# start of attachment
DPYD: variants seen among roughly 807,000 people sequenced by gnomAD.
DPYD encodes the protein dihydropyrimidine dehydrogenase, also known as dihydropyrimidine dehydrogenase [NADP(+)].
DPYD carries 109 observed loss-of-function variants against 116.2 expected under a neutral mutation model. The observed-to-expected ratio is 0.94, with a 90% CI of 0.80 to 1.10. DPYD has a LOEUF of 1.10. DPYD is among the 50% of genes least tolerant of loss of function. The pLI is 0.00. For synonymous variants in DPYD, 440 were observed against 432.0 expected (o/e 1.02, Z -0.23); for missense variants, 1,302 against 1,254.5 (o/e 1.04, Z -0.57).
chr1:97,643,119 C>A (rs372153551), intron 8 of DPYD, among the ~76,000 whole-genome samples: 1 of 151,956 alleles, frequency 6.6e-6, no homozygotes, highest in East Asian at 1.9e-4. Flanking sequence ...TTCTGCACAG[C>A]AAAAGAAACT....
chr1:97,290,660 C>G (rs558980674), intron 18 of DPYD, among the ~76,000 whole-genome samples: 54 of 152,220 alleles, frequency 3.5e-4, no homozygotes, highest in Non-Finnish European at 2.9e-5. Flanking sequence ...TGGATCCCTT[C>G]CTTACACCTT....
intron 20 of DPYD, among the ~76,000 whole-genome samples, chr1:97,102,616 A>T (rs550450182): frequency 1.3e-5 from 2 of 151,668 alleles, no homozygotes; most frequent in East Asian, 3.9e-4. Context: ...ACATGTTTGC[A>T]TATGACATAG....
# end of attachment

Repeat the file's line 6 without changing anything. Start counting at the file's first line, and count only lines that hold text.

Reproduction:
intron 20 of DPYD, among the ~76,000 whole-genome samples, chr1:97,102,616 A>T (rs550450182): frequency 1.3e-5 from 2 of 151,668 alleles, no homozygotes; most frequent in East Asian, 3.9e-4. Context: ...ACATGTTTGC[A>T]TATGACATAG....